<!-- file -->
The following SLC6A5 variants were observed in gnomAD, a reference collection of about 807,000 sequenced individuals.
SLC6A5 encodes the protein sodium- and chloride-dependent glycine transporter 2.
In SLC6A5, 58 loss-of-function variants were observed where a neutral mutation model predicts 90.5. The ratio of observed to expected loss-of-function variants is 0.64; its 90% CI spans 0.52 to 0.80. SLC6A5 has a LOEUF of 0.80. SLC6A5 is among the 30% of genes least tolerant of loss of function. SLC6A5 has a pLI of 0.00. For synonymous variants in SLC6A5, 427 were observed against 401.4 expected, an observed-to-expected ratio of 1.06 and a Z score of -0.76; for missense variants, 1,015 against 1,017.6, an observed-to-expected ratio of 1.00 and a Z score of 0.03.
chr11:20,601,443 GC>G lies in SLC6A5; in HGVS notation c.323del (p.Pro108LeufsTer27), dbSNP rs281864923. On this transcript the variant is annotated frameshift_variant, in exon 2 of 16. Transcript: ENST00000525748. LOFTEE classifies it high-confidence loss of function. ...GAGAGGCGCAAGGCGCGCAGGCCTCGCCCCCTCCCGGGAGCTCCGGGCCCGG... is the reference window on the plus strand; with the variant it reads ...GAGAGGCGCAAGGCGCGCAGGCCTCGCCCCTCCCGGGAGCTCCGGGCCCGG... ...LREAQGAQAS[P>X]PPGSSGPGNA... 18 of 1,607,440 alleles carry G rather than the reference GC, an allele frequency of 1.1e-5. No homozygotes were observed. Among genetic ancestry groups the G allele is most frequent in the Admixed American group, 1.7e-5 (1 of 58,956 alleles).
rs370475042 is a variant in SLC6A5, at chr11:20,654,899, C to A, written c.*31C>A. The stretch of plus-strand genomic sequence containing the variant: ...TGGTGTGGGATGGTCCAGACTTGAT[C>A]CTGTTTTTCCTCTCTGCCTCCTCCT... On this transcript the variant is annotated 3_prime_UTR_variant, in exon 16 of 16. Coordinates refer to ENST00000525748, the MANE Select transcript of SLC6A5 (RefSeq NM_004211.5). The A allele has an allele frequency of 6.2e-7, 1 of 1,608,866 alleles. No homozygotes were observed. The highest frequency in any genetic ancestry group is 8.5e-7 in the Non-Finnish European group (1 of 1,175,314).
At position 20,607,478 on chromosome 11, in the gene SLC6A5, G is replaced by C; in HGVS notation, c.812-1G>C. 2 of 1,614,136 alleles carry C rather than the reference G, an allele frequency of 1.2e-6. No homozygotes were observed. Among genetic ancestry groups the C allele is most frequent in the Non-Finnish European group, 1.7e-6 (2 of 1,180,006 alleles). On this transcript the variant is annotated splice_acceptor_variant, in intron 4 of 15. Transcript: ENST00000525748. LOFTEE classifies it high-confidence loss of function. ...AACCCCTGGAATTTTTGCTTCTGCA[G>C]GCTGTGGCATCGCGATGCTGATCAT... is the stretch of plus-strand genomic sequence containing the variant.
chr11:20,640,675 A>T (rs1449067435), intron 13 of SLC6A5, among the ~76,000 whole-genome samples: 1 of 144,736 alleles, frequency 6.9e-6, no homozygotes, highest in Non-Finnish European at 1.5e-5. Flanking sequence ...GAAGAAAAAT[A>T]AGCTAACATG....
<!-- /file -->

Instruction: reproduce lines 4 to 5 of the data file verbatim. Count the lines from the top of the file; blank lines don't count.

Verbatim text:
chr11:20,601,443 GC>G lies in SLC6A5; in HGVS notation c.323del (p.Pro108LeufsTer27), dbSNP rs281864923. On this transcript the variant is annotated frameshift_variant, in exon 2 of 16. Transcript: ENST00000525748. LOFTEE classifies it high-confidence loss of function. ...GAGAGGCGCAAGGCGCGCAGGCCTCGCCCCCTCCCGGGAGCTCCGGGCCCGG... is the reference window on the plus strand; with the variant it reads ...GAGAGGCGCAAGGCGCGCAGGCCTCGCCCCTCCCGGGAGCTCCGGGCCCGG... ...LREAQGAQAS[P>X]PPGSSGPGNA... 18 of 1,607,440 alleles carry G rather than the reference GC, an allele frequency of 1.1e-5. No homozygotes were observed. Among genetic ancestry groups the G allele is most frequent in the Admixed American group, 1.7e-5 (1 of 58,956 alleles).
rs370475042 is a variant in SLC6A5, at chr11:20,654,899, C to A, written c.*31C>A. The stretch of plus-strand genomic sequence containing the variant: ...TGGTGTGGGATGGTCCAGACTTGAT[C>A]CTGTTTTTCCTCTCTGCCTCCTCCT... On this transcript the variant is annotated 3_prime_UTR_variant, in exon 16 of 16. Coordinates refer to ENST00000525748, the MANE Select transcript of SLC6A5 (RefSeq NM_004211.5). The A allele has an allele frequency of 6.2e-7, 1 of 1,608,866 alleles. No homozygotes were observed. The highest frequency in any genetic ancestry group is 8.5e-7 in the Non-Finnish European group (1 of 1,175,314).